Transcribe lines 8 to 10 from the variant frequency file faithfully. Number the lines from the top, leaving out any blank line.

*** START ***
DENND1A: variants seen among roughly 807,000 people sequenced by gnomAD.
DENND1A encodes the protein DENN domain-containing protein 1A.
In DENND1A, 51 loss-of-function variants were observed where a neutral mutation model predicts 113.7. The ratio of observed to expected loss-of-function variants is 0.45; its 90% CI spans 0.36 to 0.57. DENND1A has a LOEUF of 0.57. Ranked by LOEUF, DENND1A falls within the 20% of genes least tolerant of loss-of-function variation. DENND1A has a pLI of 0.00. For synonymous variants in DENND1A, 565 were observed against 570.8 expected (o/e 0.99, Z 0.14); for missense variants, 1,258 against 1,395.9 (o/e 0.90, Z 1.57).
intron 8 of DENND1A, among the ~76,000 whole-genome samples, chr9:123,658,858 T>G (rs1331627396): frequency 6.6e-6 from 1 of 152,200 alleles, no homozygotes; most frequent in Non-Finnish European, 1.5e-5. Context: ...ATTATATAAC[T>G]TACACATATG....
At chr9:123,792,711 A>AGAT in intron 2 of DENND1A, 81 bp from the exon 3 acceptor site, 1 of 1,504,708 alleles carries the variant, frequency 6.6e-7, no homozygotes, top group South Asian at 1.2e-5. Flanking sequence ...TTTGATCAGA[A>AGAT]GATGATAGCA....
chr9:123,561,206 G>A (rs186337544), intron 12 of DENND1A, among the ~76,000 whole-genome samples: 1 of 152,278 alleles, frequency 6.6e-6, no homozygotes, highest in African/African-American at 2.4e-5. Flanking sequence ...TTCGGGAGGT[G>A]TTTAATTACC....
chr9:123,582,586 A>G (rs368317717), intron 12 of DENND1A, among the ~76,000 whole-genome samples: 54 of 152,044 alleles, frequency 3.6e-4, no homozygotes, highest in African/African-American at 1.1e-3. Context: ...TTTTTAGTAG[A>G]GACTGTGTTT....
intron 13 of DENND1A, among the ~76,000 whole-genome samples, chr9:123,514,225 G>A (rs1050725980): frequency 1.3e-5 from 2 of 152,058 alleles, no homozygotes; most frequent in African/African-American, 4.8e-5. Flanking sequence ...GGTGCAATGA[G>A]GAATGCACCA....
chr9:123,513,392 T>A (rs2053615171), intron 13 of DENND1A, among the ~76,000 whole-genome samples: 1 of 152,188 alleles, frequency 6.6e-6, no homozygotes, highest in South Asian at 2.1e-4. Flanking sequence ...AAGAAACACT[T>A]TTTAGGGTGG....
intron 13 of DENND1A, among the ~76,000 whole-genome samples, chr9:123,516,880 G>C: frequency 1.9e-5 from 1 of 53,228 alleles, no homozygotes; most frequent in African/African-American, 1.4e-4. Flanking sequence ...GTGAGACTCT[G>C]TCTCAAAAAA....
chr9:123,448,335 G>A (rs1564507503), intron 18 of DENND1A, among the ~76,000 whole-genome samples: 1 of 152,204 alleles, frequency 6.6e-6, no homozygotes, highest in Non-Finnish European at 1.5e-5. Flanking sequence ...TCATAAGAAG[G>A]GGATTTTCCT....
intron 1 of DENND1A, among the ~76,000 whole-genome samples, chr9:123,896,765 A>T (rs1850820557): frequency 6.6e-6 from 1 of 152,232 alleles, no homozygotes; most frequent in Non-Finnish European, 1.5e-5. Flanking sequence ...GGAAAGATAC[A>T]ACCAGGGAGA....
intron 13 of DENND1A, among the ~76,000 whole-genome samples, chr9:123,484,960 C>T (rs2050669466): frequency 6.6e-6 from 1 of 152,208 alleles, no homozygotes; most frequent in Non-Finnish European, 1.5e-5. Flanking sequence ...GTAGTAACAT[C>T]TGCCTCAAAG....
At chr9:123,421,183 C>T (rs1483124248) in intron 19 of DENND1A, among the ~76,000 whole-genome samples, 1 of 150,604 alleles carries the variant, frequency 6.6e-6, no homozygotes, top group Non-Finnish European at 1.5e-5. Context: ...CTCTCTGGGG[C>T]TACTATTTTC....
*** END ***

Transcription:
intron 13 of DENND1A, among the ~76,000 whole-genome samples, chr9:123,514,225 G>A (rs1050725980): frequency 1.3e-5 from 2 of 152,058 alleles, no homozygotes; most frequent in African/African-American, 4.8e-5. Flanking sequence ...GGTGCAATGA[G>A]GAATGCACCA....
chr9:123,513,392 T>A (rs2053615171), intron 13 of DENND1A, among the ~76,000 whole-genome samples: 1 of 152,188 alleles, frequency 6.6e-6, no homozygotes, highest in South Asian at 2.1e-4. Flanking sequence ...AAGAAACACT[T>A]TTTAGGGTGG....
intron 13 of DENND1A, among the ~76,000 whole-genome samples, chr9:123,516,880 G>C: frequency 1.9e-5 from 1 of 53,228 alleles, no homozygotes; most frequent in African/African-American, 1.4e-4. Flanking sequence ...GTGAGACTCT[G>C]TCTCAAAAAA....